A number of prominent artists received their first recognition in
the Crocker-Kingsley Exhibition. Such artists included Robert
Arneson, Kathryn Uhl Ball, Elmer Bischoff, Fred Dalkey, David
Gilhooly, Ralph Goings, Gregory Kondos, Roland Petersen, Mel
Ramos, Ruth Rippon, Fritz Scholder and Wayne Thiebaud.
Roland Petersen (1926–) is a Bay Area painter whose paintings
from the 1950s and ’60s are masterful syntheses of gestural
abstract expressionism, painterly realism, and advanced color
theory. His work integrates still life, figures, and landscape
into complex, architectonic compositions that are beautiful and
enigmatic, but still retain a strong sense of place, in this case
the fields and farms of California’s Central Valley.
Sketching outdoors is the foundation of Kondos’ landscape
paintings. Everywhere he goes, his sketchbook is his trusted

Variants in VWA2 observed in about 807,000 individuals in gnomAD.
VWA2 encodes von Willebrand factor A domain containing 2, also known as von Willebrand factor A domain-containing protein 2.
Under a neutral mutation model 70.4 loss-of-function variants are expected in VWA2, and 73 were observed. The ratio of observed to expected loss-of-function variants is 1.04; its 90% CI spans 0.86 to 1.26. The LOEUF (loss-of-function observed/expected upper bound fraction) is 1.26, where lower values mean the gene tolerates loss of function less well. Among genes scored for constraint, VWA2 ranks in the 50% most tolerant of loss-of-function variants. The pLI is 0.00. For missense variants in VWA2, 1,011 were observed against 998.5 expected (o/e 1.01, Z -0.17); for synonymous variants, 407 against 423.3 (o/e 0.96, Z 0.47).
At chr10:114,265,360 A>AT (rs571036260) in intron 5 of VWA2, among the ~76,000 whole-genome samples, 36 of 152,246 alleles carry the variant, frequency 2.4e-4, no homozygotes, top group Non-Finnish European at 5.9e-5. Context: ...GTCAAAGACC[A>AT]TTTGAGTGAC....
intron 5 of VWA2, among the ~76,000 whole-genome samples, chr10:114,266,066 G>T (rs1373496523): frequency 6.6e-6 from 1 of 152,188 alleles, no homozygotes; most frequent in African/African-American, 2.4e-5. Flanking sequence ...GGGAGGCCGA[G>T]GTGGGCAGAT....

companion. And the studio adjacent to his home is always jammed
with small pastel, pencil, and pen-and-ink sketches done on his
painting trips. “Drawing is the skeleton under the flesh of a
painting,” he says. “It is where art begins. Drawing helps me to
understand the landscape better, and it doesn’t allow me the
luxury of covering up problems in the composition with color.”
Elmer Bischoff (1916–1991) was a San Francisco-based painter
renowned for his figurative paintings from the 1950s and 1960s.
Bischoff is considered part of the first generation of Bay Area
Figurative painters, who, along with Richard Diebenkorn, David
Park, and James Weeks, deployed the lessons of non-objective,
expressionist painting—the importance of gesture and the use of
aggressive color—as a means of reengaging with reality-based
Meet at Verge, 625 S Street, Sacramento. No host lunch at
Tower Cafe following the tour. This event is free, but
please RSVP to Debbie Corr by e-mail at
firstname.lastname@example.org to reserve your space.